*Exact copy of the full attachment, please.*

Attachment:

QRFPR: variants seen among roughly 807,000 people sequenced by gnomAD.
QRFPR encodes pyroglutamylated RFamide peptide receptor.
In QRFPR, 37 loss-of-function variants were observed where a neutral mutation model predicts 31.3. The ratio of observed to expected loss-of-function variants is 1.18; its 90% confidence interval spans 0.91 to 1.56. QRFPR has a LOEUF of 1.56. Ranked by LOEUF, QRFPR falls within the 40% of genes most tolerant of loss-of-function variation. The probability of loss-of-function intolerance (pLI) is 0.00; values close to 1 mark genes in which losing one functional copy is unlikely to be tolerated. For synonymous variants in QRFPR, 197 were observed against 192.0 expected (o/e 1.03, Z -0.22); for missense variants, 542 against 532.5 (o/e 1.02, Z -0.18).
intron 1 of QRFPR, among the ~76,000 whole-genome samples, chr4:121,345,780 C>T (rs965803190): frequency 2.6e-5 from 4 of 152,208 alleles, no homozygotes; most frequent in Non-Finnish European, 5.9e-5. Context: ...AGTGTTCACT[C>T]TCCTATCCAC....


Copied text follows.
QRFPR: variants seen among roughly 807,000 people sequenced by gnomAD.
QRFPR encodes pyroglutamylated RFamide peptide receptor.
In QRFPR, 37 loss-of-function variants were observed where a neutral mutation model predicts 31.3. The ratio of observed to expected loss-of-function variants is 1.18; its 90% confidence interval spans 0.91 to 1.56. QRFPR has a LOEUF of 1.56. Ranked by LOEUF, QRFPR falls within the 40% of genes most tolerant of loss-of-function variation. The probability of loss-of-function intolerance (pLI) is 0.00; values close to 1 mark genes in which losing one functional copy is unlikely to be tolerated. For synonymous variants in QRFPR, 197 were observed against 192.0 expected (o/e 1.03, Z -0.22); for missense variants, 542 against 532.5 (o/e 1.02, Z -0.18).
intron 1 of QRFPR, among the ~76,000 whole-genome samples, chr4:121,345,780 C>T (rs965803190): frequency 2.6e-5 from 4 of 152,208 alleles, no homozygotes; most frequent in Non-Finnish European, 5.9e-5. Context: ...AGTGTTCACT[C>T]TCCTATCCAC....